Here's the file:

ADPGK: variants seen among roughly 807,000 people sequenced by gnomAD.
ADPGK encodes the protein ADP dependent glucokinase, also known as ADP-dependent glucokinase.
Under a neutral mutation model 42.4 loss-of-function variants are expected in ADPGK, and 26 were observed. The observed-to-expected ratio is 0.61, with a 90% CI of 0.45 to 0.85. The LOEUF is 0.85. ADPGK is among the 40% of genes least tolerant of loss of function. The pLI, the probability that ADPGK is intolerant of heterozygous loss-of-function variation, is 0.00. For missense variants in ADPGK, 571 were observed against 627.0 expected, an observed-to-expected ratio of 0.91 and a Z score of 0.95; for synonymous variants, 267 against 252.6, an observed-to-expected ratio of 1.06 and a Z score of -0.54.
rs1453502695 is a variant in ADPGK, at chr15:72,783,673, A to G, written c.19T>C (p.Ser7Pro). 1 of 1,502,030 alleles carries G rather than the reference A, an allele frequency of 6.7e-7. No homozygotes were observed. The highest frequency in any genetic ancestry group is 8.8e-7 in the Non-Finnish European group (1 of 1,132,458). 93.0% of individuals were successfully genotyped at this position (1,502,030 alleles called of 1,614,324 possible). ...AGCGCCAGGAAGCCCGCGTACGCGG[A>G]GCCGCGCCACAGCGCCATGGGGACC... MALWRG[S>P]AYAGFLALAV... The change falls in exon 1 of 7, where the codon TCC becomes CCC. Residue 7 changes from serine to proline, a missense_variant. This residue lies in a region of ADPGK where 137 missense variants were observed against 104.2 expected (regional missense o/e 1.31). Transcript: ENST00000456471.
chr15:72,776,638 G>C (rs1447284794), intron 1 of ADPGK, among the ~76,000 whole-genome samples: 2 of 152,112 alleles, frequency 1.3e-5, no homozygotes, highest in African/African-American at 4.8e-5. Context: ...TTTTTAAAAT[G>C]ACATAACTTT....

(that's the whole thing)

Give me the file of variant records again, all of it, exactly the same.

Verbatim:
ADPGK: variants seen among roughly 807,000 people sequenced by gnomAD.
ADPGK encodes the protein ADP dependent glucokinase, also known as ADP-dependent glucokinase.
Under a neutral mutation model 42.4 loss-of-function variants are expected in ADPGK, and 26 were observed. The observed-to-expected ratio is 0.61, with a 90% CI of 0.45 to 0.85. The LOEUF is 0.85. ADPGK is among the 40% of genes least tolerant of loss of function. The pLI, the probability that ADPGK is intolerant of heterozygous loss-of-function variation, is 0.00. For missense variants in ADPGK, 571 were observed against 627.0 expected, an observed-to-expected ratio of 0.91 and a Z score of 0.95; for synonymous variants, 267 against 252.6, an observed-to-expected ratio of 1.06 and a Z score of -0.54.
rs1453502695 is a variant in ADPGK, at chr15:72,783,673, A to G, written c.19T>C (p.Ser7Pro). 1 of 1,502,030 alleles carries G rather than the reference A, an allele frequency of 6.7e-7. No homozygotes were observed. The highest frequency in any genetic ancestry group is 8.8e-7 in the Non-Finnish European group (1 of 1,132,458). 93.0% of individuals were successfully genotyped at this position (1,502,030 alleles called of 1,614,324 possible). ...AGCGCCAGGAAGCCCGCGTACGCGG[A>G]GCCGCGCCACAGCGCCATGGGGACC... MALWRG[S>P]AYAGFLALAV... The change falls in exon 1 of 7, where the codon TCC becomes CCC. Residue 7 changes from serine to proline, a missense_variant. This residue lies in a region of ADPGK where 137 missense variants were observed against 104.2 expected (regional missense o/e 1.31). Transcript: ENST00000456471.
chr15:72,776,638 G>C (rs1447284794), intron 1 of ADPGK, among the ~76,000 whole-genome samples: 2 of 152,112 alleles, frequency 1.3e-5, no homozygotes, highest in African/African-American at 4.8e-5. Context: ...TTTTTAAAAT[G>C]ACATAACTTT....